The Prime Minister: I refer the hon. Member to the answer given by my hon. Friend the Parliamentary Under-Secretary of State for Defence (Mr. Quentin Davies) to my hon. Friend the Member for Jarrow (Mr. Hepburn) on Monday 23
Mr. Simon [holding reply 27 January 2009 ]: The following table shows the number of learners in further education undertaking GCSE Mathematics in each academic year since 2003-04 by age group, the earliest year for which we have comparable information.
|Learners in further education undertaking GCSE Mathematics by age|
1. Age is based on age as at 31 August (academic age).
2. This information does not include learners studying GCSE Mathematics in Schools or Higher Education Institutions.
3. If a learner is studying GCSE Mathematics over more than one year, they will be counted in each year for which they are studying.
Awarding body data on GCSE examination entries is analysed by the Department for Children, Schools and Families as part of the School and College Achievement and Attainment Tables publication. However, this work only covers qualifications entered for by 16-18 year olds. Therefore, we do not have information readily available on adults being entered for GCSE Mathematics examinations.
Due to the increased number of pupils taking and successfully passing a Maths GCSE at school, we would expect the volume of learners studying this qualification at a Further Education College to fall. In 1997, there
were 534,700 15 year olds (academic age) attempting GCSE Mathematics and 250,300 achieving a C grade or higher (around 50 per cent. of those attempting the subject). In 2004, 606,000 pupils attempted GCSE Mathematics at the end of Key Stage 4 with 318,900 achieving a grade A*-C (around 53 per cent. of those attempting the subject). In 2008, 609,700 pupils attempted GCSE Mathematics at the end of Key Stage 4, with 361,100 achieving a grade A*-C (59 per cent. of those attempting the subject).
Over the last few years the Government have prioritised funding towards longer and fuller programmes such as full level 2 qualifications (equivalent of 5 A*-C GCSEs or vocational equivalent) away from a higher number of shorter courses. This has increased the number of adults achieving the broad platform of skills for entering and progressing into employment, but has necessarily resulted in an overall reduction in the number of LSC funded adult learners over this period.
A GCSE may not necessarily be the most appropriate learning outcome for many learners and colleges have been encouraged to advise learners to study the most relevant qualification to them. In 2007-08, learners on apprenticeship programmes (all ages) undertook over 156,000 Key Skills qualifications in Application of Number.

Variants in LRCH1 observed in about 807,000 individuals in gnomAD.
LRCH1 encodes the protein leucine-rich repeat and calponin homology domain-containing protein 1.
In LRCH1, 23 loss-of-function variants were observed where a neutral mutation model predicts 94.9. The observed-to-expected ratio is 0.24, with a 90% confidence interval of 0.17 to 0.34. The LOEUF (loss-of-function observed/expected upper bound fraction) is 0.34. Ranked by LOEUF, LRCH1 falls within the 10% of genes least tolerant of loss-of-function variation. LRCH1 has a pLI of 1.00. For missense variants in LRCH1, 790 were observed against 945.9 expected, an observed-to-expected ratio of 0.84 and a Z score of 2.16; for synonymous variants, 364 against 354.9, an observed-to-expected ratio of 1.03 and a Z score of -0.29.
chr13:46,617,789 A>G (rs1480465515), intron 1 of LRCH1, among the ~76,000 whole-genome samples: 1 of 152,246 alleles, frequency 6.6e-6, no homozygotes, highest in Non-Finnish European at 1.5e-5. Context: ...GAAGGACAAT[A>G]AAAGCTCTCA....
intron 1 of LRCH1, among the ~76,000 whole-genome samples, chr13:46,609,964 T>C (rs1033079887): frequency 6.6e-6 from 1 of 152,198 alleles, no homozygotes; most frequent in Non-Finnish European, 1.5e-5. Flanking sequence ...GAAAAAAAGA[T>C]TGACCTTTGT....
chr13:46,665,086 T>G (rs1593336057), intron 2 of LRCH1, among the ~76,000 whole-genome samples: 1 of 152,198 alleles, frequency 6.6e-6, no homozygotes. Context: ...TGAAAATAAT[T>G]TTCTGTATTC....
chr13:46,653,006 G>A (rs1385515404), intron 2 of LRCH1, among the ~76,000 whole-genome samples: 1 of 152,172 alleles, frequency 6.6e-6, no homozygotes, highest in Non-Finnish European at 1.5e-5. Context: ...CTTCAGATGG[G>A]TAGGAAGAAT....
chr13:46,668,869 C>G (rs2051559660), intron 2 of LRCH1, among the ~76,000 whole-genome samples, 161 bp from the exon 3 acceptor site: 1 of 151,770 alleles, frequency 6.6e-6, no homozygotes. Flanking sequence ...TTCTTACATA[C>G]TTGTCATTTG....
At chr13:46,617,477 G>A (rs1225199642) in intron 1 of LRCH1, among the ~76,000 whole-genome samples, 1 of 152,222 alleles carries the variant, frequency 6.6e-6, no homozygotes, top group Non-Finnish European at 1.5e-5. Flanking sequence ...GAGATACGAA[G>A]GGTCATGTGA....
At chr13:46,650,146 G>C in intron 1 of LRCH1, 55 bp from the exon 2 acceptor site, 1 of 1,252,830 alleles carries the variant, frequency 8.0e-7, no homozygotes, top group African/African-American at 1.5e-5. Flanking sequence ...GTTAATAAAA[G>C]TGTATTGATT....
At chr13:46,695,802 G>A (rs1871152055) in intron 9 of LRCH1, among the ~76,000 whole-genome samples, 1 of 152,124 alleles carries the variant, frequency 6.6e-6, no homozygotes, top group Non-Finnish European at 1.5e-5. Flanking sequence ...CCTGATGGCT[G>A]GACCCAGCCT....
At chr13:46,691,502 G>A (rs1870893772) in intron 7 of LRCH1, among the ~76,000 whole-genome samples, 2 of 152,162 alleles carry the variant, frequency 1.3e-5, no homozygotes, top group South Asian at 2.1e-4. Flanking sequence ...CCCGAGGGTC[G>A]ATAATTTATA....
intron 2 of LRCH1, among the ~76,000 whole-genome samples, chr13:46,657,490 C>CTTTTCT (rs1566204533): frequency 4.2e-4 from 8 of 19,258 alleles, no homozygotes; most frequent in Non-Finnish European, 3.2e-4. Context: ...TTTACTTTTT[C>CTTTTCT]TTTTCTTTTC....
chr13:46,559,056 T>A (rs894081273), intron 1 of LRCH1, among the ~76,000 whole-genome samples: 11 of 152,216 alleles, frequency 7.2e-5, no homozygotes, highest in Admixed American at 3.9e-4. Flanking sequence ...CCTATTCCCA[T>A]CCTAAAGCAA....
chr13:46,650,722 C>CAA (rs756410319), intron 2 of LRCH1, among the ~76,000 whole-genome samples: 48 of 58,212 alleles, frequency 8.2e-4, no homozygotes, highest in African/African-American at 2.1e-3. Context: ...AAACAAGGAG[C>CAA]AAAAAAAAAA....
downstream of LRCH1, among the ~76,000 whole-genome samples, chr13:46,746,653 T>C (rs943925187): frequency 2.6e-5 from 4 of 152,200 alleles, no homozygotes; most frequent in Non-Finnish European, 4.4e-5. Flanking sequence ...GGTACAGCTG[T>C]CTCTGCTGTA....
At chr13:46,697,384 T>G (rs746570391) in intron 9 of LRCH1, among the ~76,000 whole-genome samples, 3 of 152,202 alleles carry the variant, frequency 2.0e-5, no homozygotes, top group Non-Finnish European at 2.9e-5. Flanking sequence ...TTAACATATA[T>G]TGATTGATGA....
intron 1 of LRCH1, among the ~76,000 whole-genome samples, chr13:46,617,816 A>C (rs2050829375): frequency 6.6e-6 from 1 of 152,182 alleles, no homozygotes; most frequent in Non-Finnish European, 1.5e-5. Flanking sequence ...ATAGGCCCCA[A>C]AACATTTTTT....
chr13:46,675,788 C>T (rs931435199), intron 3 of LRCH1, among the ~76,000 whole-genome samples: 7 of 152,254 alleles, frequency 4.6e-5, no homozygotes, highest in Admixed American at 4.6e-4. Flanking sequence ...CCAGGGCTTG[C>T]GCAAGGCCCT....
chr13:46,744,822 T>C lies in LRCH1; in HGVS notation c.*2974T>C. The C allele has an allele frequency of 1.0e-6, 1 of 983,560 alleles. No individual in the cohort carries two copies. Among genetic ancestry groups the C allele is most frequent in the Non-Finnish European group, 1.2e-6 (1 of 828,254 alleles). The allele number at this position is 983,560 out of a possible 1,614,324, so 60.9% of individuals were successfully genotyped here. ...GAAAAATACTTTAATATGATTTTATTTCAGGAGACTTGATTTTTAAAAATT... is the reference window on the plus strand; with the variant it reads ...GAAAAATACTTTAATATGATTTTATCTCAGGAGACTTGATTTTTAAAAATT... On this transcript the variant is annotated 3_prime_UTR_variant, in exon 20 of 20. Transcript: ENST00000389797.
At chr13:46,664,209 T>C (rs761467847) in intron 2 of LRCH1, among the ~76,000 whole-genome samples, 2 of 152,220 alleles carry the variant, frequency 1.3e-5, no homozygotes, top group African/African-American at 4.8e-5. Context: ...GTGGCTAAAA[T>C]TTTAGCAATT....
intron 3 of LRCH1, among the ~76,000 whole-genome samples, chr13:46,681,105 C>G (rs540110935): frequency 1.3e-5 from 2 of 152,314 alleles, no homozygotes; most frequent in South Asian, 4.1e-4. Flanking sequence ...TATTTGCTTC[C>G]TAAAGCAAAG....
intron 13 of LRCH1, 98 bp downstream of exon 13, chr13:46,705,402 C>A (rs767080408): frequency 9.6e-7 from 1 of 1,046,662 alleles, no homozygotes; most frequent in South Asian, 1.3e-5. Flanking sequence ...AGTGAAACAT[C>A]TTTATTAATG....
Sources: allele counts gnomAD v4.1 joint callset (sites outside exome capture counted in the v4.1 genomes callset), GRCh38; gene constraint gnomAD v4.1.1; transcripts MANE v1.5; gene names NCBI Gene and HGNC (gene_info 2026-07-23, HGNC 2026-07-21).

they have failed to provide their home address or name changes within six weeks (£50);
they have failed to comply with an Information Notice which has been served on them (£100);
the borrower has been liable to pay a penalty in respect of an Information Notice and has not paid by the specified date, an additional penalty may be charged (£100).
Rob Marris: To ask the Secretary of State for Innovation, Universities and Skills what research his Department has funded on (a) ethical, (b) environmental and (c) social issues relating to the (i) use and (ii) safety of (A) nanotechnology and (B) nanoproducts; and if he will make a statement. 
Mr. Lammy: The Department of Innovation, Universities and Skills' delivery partners, the Research Councils and the Technology Strategy Board, funded through the science and research, and innovation budgets respectively, support a portfolio of research and related activities on a wide range of aspects of nanotechnology. I have arranged for a document with details to be placed in the Libraries of both Houses. It is not possible to divide the research into the categories requested, but, where possible, an indication has been given as to whether the research is addressing environmental, social, use or safety issues. The Government placed a statement about nanotechnologies in the Libraries on 28 February 2008 (House of Lords Hansard, column WS86 refers).